Sentence, condemn, damn, doom, proscribe can all mean to decree the fate or punishment of a person or sometimes a thing that has been adjudged guilty, unworthy, or unfit.
Sentence is used in reference to the determination and pronouncement of punishment or penalty following an act of judging and an adverse verdict.
Condemn (see also CRITICIZE ) implies both an adverse judgment and a sentence which carries with it a penalty (as forfeiture of one’s freedom, one’s rights, or one’s life) or, in the case of a thing, a forfeiture of its existence or of some status which has legally protected it from invasion; thus, to condemn an old building is legally to decree its destruction; to condemn a piece of property is to take it over for the uses of the state, on payment of its appraised value.
Damn, akin to condemn, is not employed in modern law. In theological use it implies the condemnation of the soul to hell or to eternal punishment. In general use, when it carries this implication, it is often employed in curses, imprecations, or expressions of strong disapproval.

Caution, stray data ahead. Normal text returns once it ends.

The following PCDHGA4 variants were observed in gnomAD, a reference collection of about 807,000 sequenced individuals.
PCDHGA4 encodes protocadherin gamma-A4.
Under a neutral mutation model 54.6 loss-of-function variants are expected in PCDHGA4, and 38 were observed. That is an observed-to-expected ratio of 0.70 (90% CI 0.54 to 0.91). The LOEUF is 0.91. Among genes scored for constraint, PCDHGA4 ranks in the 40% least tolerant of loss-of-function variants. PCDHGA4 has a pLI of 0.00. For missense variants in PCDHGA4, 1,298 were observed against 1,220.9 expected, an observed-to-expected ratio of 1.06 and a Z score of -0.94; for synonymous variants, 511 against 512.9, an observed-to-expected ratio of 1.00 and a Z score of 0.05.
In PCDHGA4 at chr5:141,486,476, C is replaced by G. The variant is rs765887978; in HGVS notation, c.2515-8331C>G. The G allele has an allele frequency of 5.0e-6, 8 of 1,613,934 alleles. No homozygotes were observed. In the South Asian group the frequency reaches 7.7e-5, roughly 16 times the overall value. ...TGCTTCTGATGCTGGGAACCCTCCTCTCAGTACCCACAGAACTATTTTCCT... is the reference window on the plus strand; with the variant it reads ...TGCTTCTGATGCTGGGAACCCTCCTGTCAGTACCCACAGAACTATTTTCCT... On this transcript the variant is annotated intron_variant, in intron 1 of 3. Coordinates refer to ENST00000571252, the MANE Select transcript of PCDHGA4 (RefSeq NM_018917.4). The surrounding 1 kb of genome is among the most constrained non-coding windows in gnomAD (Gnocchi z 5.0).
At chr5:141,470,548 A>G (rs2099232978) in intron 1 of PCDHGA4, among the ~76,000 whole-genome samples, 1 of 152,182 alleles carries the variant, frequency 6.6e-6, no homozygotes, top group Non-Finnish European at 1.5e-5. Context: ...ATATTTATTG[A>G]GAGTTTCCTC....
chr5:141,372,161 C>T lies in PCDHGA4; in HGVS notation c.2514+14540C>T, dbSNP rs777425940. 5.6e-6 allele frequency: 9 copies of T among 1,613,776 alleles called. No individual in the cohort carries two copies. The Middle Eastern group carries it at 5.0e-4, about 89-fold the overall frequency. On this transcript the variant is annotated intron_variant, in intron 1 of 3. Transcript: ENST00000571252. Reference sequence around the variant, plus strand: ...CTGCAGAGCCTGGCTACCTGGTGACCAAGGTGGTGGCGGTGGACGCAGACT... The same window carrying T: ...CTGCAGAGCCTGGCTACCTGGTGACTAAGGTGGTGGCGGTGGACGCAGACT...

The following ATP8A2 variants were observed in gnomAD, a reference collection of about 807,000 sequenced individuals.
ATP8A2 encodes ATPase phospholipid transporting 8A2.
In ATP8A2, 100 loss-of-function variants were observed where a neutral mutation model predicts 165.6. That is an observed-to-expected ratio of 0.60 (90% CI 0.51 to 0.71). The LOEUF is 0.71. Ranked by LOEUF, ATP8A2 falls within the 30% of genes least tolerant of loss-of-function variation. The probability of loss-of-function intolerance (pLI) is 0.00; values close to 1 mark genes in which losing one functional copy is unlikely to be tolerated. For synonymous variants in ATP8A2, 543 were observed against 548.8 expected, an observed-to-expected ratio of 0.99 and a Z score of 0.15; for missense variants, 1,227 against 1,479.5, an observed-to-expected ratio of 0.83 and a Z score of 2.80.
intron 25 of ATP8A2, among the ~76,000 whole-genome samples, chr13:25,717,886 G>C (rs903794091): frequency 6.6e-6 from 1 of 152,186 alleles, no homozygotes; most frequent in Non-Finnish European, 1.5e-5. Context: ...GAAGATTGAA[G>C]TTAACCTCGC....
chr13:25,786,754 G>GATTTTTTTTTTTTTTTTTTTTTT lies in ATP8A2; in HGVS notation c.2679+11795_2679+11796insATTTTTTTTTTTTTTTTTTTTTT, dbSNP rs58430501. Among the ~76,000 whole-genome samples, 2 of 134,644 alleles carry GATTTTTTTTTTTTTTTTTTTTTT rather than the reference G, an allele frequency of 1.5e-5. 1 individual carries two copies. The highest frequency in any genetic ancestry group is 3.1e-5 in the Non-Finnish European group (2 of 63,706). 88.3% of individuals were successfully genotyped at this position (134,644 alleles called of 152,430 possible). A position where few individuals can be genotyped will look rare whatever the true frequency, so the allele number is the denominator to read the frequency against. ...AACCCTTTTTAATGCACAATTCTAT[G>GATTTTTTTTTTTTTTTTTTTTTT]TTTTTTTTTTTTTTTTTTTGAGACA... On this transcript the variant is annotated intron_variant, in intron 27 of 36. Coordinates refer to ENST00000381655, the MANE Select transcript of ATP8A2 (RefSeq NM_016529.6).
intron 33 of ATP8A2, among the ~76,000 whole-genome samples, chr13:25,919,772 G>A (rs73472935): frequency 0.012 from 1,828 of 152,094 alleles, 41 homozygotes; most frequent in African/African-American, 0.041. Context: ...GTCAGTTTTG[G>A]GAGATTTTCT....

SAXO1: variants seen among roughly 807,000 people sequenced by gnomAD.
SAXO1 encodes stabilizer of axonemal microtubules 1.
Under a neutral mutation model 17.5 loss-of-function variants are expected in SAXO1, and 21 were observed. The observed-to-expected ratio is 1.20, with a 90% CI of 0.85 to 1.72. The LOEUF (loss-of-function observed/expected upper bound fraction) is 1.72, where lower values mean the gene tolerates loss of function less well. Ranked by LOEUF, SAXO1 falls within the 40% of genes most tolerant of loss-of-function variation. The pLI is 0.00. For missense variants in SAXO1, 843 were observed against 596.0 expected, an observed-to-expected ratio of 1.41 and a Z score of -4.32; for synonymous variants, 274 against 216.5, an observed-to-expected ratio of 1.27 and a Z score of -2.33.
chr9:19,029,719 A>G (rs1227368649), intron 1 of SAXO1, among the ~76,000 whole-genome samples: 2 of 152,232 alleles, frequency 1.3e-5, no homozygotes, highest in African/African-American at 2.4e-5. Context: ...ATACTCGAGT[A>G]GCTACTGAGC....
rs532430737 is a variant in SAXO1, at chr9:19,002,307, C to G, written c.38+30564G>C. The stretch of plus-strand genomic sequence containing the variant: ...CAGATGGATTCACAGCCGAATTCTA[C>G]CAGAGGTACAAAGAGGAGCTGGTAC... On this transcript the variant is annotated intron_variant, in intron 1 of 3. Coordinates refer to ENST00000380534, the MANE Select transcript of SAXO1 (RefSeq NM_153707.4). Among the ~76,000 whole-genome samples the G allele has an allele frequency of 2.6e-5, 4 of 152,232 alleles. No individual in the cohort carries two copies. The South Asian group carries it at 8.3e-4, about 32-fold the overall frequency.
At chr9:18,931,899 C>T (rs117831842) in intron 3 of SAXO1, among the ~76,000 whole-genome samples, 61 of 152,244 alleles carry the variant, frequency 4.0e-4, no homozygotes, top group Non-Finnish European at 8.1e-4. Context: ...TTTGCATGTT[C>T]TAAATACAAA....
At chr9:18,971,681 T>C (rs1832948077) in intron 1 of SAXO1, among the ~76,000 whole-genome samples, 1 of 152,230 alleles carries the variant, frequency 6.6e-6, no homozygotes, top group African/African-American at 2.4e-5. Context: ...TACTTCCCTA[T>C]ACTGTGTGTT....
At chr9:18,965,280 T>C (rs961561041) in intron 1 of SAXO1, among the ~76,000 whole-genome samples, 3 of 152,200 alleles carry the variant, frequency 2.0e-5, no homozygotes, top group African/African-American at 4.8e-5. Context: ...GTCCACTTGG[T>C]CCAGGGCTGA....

Otherwise it usually implies a verdict that is destructive or annihilating in its effects.
Doom adds to condemn the implication of a punishment or penalty that cannot be evaded or escaped because imposed by an inexorable power. This idea of fate or destiny is so strongly stressed in doom that in some cases the implication of an adverse judgment is lost or obscured.
Proscribe implies the publication or posting of a decree condemning a person to banishment or death or announcing his status as an outlaw and the forfeiture of his property or of his civil rights.
The word in more general uses suggests ostracism or interdiction as the result of a judgment by some authoritative or influential body or group.